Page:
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Confronting Cartilage Damage: Recovering from a Shattered Knee

As a teacher of the freshman and sophomore Global Studies Course at Cardinal Spellman High School in the Bronx, Michael Philp logs several miles a day as he navigates the narrow aisles of the classroom, lecturing on the lessons of ancient worlds and engaging his students in a lively discourse.

Today, he makes it look easy, but in the 1990s, a water-skiing accident shattered his knee, leaving him to manage the rigors of teaching on crutches and bringing an abrupt end to his days as a marathon runner.

Mr. Philp came to see Thomas L. Wickiewicz, MD, now former Chief of the Sports Medicine and Shoulder Service at HSS, for repair of his severely damaged cartilage and a fractured tibia.

“Cartilage defects, particularly in young, active patients, are common, potentially disabling, and a major challenge in orthopedic surgery, especially as we seek to delay the progression to severe arthritis,” says Dr. Wickiewicz. “The limited capacity of articular cartilage to heal has led to investigations of several surgical techniques designed to promote cartilage regeneration or repair.”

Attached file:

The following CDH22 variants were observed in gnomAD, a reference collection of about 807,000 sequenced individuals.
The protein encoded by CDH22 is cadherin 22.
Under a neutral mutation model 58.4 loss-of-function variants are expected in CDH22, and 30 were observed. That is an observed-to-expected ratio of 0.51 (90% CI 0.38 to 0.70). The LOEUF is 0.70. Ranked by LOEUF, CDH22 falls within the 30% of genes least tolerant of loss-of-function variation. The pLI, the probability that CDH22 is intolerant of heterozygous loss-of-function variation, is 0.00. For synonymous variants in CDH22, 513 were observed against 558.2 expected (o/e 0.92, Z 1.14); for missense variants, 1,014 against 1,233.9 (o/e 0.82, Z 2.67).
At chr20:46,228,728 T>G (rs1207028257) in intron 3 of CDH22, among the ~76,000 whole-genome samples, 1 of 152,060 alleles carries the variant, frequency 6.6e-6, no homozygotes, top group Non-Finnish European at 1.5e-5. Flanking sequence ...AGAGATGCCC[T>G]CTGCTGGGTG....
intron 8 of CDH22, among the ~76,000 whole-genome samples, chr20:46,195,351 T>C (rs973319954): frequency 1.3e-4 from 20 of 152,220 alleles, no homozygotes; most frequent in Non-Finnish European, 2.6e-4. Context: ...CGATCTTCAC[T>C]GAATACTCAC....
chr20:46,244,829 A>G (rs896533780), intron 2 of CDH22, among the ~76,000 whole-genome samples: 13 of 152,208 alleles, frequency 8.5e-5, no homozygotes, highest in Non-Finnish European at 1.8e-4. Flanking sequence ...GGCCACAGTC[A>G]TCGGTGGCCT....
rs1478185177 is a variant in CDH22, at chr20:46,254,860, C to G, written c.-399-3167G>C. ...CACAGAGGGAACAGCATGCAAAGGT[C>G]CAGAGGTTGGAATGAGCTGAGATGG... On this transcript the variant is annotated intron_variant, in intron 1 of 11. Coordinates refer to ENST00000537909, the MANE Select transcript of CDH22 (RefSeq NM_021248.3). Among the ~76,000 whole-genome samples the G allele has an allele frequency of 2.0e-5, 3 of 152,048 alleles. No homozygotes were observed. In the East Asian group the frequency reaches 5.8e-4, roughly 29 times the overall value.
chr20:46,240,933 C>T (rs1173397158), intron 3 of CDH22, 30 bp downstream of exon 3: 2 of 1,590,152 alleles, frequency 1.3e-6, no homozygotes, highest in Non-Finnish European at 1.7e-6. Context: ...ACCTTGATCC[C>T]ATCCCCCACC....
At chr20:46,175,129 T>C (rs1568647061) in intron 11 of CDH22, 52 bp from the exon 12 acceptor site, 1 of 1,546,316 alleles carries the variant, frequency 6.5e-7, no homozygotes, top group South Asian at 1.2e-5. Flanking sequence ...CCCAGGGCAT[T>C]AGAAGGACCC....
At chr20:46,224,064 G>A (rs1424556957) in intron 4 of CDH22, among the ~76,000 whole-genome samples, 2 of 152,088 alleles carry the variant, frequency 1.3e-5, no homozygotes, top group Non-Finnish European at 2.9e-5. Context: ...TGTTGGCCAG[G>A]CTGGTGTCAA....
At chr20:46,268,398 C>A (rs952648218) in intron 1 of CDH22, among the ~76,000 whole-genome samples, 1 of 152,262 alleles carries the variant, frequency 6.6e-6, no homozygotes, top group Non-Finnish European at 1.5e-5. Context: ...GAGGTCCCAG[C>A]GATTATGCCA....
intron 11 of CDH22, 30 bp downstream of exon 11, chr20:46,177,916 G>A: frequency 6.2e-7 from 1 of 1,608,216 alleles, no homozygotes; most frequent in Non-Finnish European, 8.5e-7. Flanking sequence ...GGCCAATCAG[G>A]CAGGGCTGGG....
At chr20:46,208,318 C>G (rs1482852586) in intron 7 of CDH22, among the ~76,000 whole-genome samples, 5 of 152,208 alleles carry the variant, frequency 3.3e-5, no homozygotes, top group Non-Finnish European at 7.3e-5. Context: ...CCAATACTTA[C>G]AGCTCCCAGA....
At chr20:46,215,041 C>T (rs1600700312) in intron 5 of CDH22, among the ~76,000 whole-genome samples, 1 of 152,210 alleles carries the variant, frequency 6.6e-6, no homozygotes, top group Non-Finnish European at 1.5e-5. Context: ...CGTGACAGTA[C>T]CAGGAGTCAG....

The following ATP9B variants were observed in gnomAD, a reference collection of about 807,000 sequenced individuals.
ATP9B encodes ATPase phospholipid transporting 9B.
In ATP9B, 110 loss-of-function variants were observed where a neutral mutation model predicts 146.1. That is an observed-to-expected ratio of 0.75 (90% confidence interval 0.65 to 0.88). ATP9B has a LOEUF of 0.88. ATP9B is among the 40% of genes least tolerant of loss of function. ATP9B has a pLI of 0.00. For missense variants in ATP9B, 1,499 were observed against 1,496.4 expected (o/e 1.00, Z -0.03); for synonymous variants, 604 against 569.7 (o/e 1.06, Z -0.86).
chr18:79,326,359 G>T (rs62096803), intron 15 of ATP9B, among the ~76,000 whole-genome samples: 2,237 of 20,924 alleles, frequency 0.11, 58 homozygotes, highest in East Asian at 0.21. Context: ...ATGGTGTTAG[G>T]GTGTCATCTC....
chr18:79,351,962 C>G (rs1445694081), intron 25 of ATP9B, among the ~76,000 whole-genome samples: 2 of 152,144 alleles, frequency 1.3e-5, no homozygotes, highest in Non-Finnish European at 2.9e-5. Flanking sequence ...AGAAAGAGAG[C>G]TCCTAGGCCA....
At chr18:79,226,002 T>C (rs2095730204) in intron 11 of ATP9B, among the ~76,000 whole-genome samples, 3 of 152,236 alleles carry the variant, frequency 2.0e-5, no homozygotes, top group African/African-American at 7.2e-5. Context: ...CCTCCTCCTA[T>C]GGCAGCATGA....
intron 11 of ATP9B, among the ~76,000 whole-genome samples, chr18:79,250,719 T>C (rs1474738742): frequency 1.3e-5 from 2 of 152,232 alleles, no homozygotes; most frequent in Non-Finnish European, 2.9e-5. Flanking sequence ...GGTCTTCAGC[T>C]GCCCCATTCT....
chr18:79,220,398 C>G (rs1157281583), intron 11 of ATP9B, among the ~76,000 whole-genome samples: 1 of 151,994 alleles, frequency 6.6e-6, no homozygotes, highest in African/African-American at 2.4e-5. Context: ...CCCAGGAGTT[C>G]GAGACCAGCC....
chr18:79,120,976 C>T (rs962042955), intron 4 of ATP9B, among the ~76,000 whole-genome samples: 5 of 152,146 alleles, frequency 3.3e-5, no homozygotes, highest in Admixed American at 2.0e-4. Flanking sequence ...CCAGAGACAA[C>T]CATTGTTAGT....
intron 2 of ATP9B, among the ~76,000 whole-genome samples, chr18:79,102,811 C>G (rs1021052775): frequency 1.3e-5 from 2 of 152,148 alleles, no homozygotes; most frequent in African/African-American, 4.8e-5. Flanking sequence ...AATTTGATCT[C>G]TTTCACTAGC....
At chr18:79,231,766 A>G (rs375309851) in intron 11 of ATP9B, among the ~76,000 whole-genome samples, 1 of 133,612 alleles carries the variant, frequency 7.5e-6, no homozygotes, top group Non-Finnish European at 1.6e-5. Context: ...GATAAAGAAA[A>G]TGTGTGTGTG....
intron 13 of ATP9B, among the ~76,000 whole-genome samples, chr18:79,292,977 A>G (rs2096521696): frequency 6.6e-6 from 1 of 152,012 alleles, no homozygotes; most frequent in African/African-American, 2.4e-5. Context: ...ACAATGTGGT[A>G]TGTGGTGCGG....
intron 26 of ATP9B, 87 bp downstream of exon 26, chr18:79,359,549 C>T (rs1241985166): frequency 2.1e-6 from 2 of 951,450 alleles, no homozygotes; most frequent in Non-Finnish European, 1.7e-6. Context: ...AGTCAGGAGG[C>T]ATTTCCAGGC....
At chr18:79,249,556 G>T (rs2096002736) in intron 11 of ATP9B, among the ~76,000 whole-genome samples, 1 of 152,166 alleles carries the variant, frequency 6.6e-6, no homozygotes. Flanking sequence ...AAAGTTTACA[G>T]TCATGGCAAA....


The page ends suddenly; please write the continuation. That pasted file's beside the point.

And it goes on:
Mr. Philp required multiple surgeries at Special Surgery, involving both a cartilage transplant and bone graft to reconstruct his knee and the surrounding bone and soft tissue structures. These successful surgeries enabled Mr. Philp to regain the use of his leg, and five years after his accident, he walked on stage at graduation free of crutches for the first time.